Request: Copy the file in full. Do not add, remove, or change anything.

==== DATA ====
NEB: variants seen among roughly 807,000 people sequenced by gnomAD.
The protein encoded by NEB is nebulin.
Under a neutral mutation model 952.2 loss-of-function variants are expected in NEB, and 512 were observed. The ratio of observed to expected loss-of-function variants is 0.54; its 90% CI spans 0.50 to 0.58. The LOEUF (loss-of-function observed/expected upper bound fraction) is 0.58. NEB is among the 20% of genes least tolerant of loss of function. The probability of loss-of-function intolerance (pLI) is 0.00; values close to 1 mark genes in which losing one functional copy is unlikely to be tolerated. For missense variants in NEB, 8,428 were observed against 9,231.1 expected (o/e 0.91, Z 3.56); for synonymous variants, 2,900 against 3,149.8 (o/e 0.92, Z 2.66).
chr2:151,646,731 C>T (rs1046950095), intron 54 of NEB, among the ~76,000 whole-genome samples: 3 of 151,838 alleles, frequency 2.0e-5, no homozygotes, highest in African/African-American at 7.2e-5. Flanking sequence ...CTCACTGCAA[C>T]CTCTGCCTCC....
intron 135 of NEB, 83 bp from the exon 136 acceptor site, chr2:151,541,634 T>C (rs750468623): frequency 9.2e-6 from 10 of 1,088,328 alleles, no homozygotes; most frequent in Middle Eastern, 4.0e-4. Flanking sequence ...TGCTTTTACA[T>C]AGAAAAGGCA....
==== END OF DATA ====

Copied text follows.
NEB: variants seen among roughly 807,000 people sequenced by gnomAD.
The protein encoded by NEB is nebulin.
Under a neutral mutation model 952.2 loss-of-function variants are expected in NEB, and 512 were observed. The ratio of observed to expected loss-of-function variants is 0.54; its 90% CI spans 0.50 to 0.58. The LOEUF (loss-of-function observed/expected upper bound fraction) is 0.58. NEB is among the 20% of genes least tolerant of loss of function. The probability of loss-of-function intolerance (pLI) is 0.00; values close to 1 mark genes in which losing one functional copy is unlikely to be tolerated. For missense variants in NEB, 8,428 were observed against 9,231.1 expected (o/e 0.91, Z 3.56); for synonymous variants, 2,900 against 3,149.8 (o/e 0.92, Z 2.66).
chr2:151,646,731 C>T (rs1046950095), intron 54 of NEB, among the ~76,000 whole-genome samples: 3 of 151,838 alleles, frequency 2.0e-5, no homozygotes, highest in African/African-American at 7.2e-5. Flanking sequence ...CTCACTGCAA[C>T]CTCTGCCTCC....
intron 135 of NEB, 83 bp from the exon 136 acceptor site, chr2:151,541,634 T>C (rs750468623): frequency 9.2e-6 from 10 of 1,088,328 alleles, no homozygotes; most frequent in Middle Eastern, 4.0e-4. Flanking sequence ...TGCTTTTACA[T>C]AGAAAAGGCA....